In his PhD studies on breast cancer at the Walter and Eliza Hall Institute of Medical Research (WEHI) in Melbourne, Mark demonstrated for the first time that an entire solid organ—a functioning breast—could be grown from a single cell, a stem cell. He thus proved that, although rare, stem cells exist in solid organs and contribute importantly to normal organ function.
Along with other research at the time, this strengthened a prevailing view that cancers were organised like normal organs, maintained by cancerous stem cells that drove tumour growth. Mark then proceeded, however, to destroy that view and in the process turned the field of cancer research on its head.
In post-doctoral studies at the University of Michigan on the deadly skin cancer known as melanoma, Mark showed that a high proportion of the cells in these tumours—at least one in four—is capable of producing cancerous offspring. This meant that instead of trying to seek out and destroy rare cancer stem cells, effective treatments for melanoma needed a scorched earth policy, attempting to kill as many tumour cells as possible.
Mark is now at the Peter MacCallum Cancer Centre in Melbourne undertaking further work on melanomas that suggests these tumours are intrinsically dynamic, changing their behaviour—sometimes dramatically and quickly—over time. That has huge implications if we are to develop new cancer treatments that provide lasting benefit to patients.
Prime Minister’s Prize for Excellence in Science Teaching in Primary Schools
The primary foundation of community awareness
Students in the northwest of Tasmania are entering the wide world of science, thanks to Mr Michael van der Ploeg, assistant principal and specialist science teacher at Table Cape Primary School in Wynyard. His work is having an impact in schools right along the coast.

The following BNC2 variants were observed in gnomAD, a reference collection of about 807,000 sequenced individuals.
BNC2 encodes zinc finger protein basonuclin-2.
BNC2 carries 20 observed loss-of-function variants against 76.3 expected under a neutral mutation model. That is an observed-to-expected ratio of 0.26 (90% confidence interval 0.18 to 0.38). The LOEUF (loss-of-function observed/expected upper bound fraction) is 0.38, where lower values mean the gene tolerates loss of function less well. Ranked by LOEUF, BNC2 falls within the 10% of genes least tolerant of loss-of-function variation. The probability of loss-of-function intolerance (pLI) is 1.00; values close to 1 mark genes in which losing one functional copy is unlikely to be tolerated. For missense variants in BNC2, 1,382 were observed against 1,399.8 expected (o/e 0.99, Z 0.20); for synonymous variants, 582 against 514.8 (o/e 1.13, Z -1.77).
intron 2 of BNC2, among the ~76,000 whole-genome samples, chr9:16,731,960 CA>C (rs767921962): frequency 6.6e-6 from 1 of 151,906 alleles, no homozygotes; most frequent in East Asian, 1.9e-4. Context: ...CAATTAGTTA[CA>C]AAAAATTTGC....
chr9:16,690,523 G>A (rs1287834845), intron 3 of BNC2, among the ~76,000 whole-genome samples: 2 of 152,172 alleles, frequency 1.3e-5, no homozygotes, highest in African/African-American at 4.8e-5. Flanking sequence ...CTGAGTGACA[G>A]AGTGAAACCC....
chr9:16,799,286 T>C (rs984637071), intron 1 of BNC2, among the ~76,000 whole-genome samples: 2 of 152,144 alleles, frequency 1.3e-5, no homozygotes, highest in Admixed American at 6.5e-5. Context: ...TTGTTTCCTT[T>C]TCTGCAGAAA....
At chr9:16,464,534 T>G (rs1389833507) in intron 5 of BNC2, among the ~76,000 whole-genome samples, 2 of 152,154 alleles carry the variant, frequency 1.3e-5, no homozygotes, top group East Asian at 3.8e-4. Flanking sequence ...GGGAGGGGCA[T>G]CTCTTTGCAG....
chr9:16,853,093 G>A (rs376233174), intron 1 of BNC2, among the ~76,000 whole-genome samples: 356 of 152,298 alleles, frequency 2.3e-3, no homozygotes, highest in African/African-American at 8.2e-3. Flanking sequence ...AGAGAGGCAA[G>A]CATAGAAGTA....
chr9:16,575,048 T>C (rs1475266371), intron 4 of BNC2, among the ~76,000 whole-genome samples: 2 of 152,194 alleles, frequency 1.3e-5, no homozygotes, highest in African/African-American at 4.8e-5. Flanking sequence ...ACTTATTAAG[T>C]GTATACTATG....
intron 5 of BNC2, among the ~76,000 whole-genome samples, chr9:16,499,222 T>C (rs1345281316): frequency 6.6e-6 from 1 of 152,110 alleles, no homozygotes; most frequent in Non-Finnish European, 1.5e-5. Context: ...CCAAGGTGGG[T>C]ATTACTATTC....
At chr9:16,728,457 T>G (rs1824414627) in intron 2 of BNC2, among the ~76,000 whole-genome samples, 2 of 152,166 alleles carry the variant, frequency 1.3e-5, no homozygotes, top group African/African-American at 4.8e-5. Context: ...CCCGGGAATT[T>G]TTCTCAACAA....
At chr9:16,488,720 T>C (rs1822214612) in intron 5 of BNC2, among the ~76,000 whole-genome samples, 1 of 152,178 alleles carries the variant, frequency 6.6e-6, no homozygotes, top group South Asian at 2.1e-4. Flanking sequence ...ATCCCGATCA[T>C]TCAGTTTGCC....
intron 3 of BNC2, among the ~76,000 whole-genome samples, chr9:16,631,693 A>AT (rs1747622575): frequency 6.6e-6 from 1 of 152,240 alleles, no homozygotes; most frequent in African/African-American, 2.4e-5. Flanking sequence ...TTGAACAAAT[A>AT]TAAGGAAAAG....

“…my children love Mr van der Ploeg’s science,” says one parent, “and they are teaching us things that we didn’t know.”
“…my child is taking me into the backyard to explore and do experiments,” says another.
“I was, for many years, a beneficiary of [his] highly informed students at Marist Regional College,” writes Ms Ann Burke, senior secondary science teacher at Hellyer College, Burnie, who is vice president of the Science Teachers Association of Tasmania. “Now at a senior college, I am meeting much older students who have been influenced in their early days by Michael.”
It is this influence that has for years been earning Michael’s students prizes at local, regional and national level in science-based competitions, as well as increasing enrolments in science and medicine at university. Now, Mr Michael van der Ploeg himself is being awarded the 2012 Prime Minister’s Prize for Excellence in Science Teaching in Primary Schools.
Science schooling for students with special needs
Anita Trenwith is a born teacher who thinks science should be fun—and that every student deserves a science education. Her current focus is science for special education students, a field in which she has instituted something of a revolution at Salisbury High School, north of Adelaide. It used to be principally a show-and-tell class. Under Mrs Trenwith it is a hands-on experience which teaches both knowledge and life skills.
Among other activities, for instance, her senior class runs science shows within the school and for the local primary schools. One autistic student was quite up-front beforehand. “I won’t do anything in front of anybody,” he said. OK, she told him, no problem. “Your role will be setting up—making sure the chemicals are in the right places and the beakers are out.” By the end of the year, when Channel Nine’s A Current Affair filmed a story on Anita’s work, he had developed so much confidence that he appeared on television with her.
Another student last year began the Agriculture class nervous around horses. She has now completed work experience at Riding for the Disabled.
Anita has been working at Salisbury High School for nearly 15 years. In her time, she has taught Chemistry, Biology, Agriculture and General Science from Year 8 to Year 12, Mathematics to Year 10 and Auslan (Australian sign language) to Year 11.
In 2008, she began developing an International Baccalaureate (IB) course in secondary science for students with special needs. The next year, two of her students were awarded Merits—a perfect score—in their South Australian Certificate of Education (SACE) qualification.
For her contributions to teaching science she has been awarded the 2012 Prime Minister’s Prize for Excellence in Science Teaching in Secondary Schools.